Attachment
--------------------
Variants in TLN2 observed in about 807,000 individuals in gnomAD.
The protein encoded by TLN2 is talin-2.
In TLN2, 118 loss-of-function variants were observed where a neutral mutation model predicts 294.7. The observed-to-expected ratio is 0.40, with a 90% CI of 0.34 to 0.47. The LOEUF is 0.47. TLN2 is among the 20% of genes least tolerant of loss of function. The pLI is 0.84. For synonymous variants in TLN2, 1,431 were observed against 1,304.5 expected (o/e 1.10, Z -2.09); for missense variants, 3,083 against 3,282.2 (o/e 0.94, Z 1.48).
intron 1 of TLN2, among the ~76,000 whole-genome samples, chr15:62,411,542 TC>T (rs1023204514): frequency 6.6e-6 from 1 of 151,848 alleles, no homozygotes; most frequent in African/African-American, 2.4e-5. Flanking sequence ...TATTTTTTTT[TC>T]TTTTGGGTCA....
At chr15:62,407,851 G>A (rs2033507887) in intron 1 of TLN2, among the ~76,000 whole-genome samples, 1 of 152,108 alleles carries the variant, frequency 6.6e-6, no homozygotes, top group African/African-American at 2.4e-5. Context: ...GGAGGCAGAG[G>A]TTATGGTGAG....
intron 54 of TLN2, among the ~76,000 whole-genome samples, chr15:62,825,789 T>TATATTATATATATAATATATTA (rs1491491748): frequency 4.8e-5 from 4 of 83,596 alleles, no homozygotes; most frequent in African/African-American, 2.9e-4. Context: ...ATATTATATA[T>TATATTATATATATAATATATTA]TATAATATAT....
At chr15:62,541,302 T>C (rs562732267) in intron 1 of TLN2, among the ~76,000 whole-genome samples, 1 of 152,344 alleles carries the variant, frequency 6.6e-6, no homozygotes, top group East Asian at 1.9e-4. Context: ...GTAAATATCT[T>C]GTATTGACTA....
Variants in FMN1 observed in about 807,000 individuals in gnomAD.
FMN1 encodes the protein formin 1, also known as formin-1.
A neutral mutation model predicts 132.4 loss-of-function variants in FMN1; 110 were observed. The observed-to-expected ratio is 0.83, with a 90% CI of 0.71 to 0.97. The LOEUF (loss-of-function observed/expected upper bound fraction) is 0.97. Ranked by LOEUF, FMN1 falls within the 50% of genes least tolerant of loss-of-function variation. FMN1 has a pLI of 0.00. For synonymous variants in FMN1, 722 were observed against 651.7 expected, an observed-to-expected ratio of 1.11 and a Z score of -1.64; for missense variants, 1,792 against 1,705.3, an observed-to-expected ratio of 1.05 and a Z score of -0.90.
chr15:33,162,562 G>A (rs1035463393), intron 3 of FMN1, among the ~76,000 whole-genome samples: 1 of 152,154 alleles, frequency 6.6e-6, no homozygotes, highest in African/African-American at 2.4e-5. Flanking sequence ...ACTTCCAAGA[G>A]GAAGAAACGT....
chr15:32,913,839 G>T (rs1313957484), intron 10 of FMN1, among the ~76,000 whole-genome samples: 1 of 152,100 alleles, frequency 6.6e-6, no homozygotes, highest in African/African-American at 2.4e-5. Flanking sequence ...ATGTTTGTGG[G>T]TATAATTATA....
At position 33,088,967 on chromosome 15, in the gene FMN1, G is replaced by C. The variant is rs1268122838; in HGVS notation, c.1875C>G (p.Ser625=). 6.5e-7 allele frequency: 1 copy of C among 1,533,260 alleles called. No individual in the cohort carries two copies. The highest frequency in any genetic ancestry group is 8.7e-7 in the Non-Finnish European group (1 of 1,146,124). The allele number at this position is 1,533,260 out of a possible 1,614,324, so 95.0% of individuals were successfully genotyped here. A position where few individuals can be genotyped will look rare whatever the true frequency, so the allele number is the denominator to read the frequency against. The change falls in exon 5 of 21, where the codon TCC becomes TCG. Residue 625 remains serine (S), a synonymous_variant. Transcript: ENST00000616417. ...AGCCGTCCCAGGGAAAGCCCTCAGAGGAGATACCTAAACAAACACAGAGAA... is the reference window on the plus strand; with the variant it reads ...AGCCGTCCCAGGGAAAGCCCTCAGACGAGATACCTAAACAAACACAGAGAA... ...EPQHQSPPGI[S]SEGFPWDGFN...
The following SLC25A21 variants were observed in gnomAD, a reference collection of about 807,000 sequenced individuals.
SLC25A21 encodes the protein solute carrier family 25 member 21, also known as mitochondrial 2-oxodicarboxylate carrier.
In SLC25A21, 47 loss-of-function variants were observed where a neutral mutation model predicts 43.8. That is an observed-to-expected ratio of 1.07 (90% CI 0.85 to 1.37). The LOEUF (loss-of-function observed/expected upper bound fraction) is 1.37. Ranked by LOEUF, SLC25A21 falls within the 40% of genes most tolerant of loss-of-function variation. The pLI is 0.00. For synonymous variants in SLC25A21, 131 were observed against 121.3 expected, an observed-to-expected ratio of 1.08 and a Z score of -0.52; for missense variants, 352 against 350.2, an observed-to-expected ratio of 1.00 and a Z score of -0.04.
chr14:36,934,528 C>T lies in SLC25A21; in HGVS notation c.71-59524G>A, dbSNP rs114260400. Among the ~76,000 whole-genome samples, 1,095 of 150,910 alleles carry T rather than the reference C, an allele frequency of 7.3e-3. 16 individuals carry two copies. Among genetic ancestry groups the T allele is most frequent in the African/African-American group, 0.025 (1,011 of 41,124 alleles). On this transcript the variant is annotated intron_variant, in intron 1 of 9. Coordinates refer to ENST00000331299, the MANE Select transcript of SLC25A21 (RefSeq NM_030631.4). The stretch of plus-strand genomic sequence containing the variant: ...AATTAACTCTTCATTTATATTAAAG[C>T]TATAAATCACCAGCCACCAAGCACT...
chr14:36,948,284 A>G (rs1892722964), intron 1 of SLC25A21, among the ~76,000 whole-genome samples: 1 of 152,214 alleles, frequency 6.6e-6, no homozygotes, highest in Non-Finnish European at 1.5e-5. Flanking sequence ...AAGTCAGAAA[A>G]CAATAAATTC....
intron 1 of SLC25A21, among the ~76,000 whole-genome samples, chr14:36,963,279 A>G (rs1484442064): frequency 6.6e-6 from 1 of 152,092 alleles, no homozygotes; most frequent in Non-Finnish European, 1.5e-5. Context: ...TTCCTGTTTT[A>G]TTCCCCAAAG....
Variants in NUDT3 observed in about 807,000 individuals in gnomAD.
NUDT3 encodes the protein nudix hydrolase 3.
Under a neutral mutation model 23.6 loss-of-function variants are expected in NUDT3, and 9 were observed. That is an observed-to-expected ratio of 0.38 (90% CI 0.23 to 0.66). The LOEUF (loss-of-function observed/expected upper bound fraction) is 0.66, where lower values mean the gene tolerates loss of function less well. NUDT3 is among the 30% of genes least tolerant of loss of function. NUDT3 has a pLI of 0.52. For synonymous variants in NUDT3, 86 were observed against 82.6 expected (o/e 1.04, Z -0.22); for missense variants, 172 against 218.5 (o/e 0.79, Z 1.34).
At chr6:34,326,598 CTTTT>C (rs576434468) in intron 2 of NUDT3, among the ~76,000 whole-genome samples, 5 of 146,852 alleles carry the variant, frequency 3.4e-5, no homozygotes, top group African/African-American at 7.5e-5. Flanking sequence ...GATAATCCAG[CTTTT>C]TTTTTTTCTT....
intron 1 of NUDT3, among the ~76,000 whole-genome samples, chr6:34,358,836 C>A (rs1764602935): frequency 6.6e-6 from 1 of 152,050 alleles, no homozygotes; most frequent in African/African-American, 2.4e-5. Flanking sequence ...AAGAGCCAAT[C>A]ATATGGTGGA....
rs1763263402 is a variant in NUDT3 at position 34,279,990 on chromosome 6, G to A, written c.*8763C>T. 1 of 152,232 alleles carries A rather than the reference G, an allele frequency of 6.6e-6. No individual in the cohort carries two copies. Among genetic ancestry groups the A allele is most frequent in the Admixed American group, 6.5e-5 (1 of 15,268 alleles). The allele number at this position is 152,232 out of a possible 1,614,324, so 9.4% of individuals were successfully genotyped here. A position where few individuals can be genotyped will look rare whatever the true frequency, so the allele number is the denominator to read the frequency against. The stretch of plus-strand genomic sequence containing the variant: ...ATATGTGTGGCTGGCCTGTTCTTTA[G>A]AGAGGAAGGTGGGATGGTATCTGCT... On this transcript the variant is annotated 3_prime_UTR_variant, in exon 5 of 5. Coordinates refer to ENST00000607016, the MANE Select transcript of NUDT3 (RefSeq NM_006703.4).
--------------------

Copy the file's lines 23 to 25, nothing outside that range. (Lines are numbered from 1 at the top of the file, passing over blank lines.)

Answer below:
At chr6:34,326,598 CTTTT>C (rs576434468) in intron 2 of NUDT3, among the ~76,000 whole-genome samples, 5 of 146,852 alleles carry the variant, frequency 3.4e-5, no homozygotes, top group African/African-American at 7.5e-5. Flanking sequence ...GATAATCCAG[CTTTT>C]TTTTTTTCTT....
intron 1 of NUDT3, among the ~76,000 whole-genome samples, chr6:34,358,836 C>A (rs1764602935): frequency 6.6e-6 from 1 of 152,050 alleles, no homozygotes; most frequent in African/African-American, 2.4e-5. Flanking sequence ...AAGAGCCAAT[C>A]ATATGGTGGA....
rs1763263402 is a variant in NUDT3 at position 34,279,990 on chromosome 6, G to A, written c.*8763C>T. 1 of 152,232 alleles carries A rather than the reference G, an allele frequency of 6.6e-6. No individual in the cohort carries two copies. Among genetic ancestry groups the A allele is most frequent in the Admixed American group, 6.5e-5 (1 of 15,268 alleles). The allele number at this position is 152,232 out of a possible 1,614,324, so 9.4% of individuals were successfully genotyped here. A position where few individuals can be genotyped will look rare whatever the true frequency, so the allele number is the denominator to read the frequency against. The stretch of plus-strand genomic sequence containing the variant: ...ATATGTGTGGCTGGCCTGTTCTTTA[G>A]AGAGGAAGGTGGGATGGTATCTGCT... On this transcript the variant is annotated 3_prime_UTR_variant, in exon 5 of 5. Coordinates refer to ENST00000607016, the MANE Select transcript of NUDT3 (RefSeq NM_006703.4).